Walk Among Us
by Vivien Dean, contemporary (2008)
Samhain Publishing, $3.50, ISBN 1-60504-185-8

One cold October evening, Calvin Schumacher comes back to his hometown in Illinois to attend his estranged father's funeral. When someone is shot dead during the event, Calvin ends up playing tonsil tennis with the gunman, an ex-priest named Matthew Soto. When the body of the fellow who was shot vanishes without a trace and Matthew begins talking about demons in this world, that is when Calvin realizes that there is more to the situation than meets the eye. Or is there?

Calvin embodies the worst trait of the Sensitive Gay Hero in gay romances - he is so self-absorbed that he can barely muster up any curiosity, much less horror, in this story even when someone is gunned down before his eyes. As long as a matter doesn't penetrate his "Me, me, me!" bubble, he doesn't give a hoot about the matter. He goes on considerably about how his life in the past sucked because he was gay and his father couldn't accept that, so I guess he now believes that the world revolves solely around his big gay ass.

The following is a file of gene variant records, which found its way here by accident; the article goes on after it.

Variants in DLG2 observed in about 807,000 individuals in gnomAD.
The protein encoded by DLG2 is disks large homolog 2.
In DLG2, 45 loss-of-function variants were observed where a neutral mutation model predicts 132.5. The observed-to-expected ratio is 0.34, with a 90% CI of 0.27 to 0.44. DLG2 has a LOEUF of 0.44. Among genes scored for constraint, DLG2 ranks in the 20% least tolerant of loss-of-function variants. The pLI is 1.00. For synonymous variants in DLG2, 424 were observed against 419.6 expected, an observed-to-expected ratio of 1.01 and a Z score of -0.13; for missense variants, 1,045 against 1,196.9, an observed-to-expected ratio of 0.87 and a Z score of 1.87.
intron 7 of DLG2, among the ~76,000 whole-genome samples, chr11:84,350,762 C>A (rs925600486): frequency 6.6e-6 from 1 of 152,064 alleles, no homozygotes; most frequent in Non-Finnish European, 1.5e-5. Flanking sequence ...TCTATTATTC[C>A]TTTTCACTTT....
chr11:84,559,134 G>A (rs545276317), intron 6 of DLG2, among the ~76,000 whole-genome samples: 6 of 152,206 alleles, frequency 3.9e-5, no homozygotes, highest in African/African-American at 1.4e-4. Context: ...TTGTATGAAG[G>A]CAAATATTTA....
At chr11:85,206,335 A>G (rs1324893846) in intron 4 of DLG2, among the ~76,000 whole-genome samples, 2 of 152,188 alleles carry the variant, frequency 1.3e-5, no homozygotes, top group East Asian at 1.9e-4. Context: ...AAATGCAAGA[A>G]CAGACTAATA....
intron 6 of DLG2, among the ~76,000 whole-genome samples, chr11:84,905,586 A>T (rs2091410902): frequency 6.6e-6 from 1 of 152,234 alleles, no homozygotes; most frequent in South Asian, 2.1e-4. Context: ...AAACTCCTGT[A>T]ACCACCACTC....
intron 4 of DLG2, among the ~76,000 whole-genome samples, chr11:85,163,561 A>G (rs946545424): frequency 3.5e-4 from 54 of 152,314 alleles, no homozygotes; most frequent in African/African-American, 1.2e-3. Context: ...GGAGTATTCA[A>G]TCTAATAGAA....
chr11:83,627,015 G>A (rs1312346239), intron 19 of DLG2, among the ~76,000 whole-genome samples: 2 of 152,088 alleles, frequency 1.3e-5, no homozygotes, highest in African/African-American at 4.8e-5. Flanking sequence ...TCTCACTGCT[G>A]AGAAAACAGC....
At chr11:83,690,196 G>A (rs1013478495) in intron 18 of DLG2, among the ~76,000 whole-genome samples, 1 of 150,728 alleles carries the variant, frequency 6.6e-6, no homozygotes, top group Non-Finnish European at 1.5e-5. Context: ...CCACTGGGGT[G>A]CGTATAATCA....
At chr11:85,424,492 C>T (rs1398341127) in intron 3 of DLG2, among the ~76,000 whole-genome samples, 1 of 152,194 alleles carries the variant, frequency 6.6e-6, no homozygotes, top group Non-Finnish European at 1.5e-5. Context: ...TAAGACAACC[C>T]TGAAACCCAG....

As a result, Walk Among Us feels like an artsy French movie where people walk slowly, pose dramatically, have sex, and wallow in angst as if their world is covered in blue emo. The folks in this story don't seem like normal folks, they come off like pretentious symbols of... I don't know, the angst I am supposed to feel about this world or something.


Maybe I've moved way past my teenage angst years of self-absorption to appreciate this short story.

Rating: 52

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